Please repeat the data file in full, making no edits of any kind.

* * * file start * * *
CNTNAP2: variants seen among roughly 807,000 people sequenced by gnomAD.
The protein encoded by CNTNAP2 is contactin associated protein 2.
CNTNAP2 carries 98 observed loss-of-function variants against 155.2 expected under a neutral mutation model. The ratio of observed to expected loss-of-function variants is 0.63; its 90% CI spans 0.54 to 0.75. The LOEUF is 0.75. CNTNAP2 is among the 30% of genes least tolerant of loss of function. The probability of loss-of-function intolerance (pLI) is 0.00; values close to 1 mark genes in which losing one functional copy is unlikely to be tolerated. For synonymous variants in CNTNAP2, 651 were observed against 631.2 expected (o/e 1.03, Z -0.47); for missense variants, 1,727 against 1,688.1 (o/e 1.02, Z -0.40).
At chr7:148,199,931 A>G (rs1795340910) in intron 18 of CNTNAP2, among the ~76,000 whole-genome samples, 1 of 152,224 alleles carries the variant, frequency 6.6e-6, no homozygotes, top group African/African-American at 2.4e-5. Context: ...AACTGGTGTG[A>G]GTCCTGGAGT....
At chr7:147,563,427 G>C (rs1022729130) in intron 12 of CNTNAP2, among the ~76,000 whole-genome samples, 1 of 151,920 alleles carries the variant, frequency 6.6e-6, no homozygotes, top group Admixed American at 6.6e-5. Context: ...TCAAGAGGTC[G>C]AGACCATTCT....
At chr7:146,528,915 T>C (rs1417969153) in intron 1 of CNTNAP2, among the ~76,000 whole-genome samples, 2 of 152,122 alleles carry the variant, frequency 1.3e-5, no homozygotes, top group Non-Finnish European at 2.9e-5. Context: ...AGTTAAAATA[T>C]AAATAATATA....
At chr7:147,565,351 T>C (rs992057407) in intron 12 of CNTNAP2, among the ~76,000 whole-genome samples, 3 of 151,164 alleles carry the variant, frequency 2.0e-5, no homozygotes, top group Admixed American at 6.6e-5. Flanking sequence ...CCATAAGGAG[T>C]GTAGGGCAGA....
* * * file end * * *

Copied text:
CNTNAP2: variants seen among roughly 807,000 people sequenced by gnomAD.
The protein encoded by CNTNAP2 is contactin associated protein 2.
CNTNAP2 carries 98 observed loss-of-function variants against 155.2 expected under a neutral mutation model. The ratio of observed to expected loss-of-function variants is 0.63; its 90% CI spans 0.54 to 0.75. The LOEUF is 0.75. CNTNAP2 is among the 30% of genes least tolerant of loss of function. The probability of loss-of-function intolerance (pLI) is 0.00; values close to 1 mark genes in which losing one functional copy is unlikely to be tolerated. For synonymous variants in CNTNAP2, 651 were observed against 631.2 expected (o/e 1.03, Z -0.47); for missense variants, 1,727 against 1,688.1 (o/e 1.02, Z -0.40).
At chr7:148,199,931 A>G (rs1795340910) in intron 18 of CNTNAP2, among the ~76,000 whole-genome samples, 1 of 152,224 alleles carries the variant, frequency 6.6e-6, no homozygotes, top group African/African-American at 2.4e-5. Context: ...AACTGGTGTG[A>G]GTCCTGGAGT....
At chr7:147,563,427 G>C (rs1022729130) in intron 12 of CNTNAP2, among the ~76,000 whole-genome samples, 1 of 151,920 alleles carries the variant, frequency 6.6e-6, no homozygotes, top group Admixed American at 6.6e-5. Context: ...TCAAGAGGTC[G>C]AGACCATTCT....
At chr7:146,528,915 T>C (rs1417969153) in intron 1 of CNTNAP2, among the ~76,000 whole-genome samples, 2 of 152,122 alleles carry the variant, frequency 1.3e-5, no homozygotes, top group Non-Finnish European at 2.9e-5. Context: ...AGTTAAAATA[T>C]AAATAATATA....
At chr7:147,565,351 T>C (rs992057407) in intron 12 of CNTNAP2, among the ~76,000 whole-genome samples, 3 of 151,164 alleles carry the variant, frequency 2.0e-5, no homozygotes, top group Admixed American at 6.6e-5. Flanking sequence ...CCATAAGGAG[T>C]GTAGGGCAGA....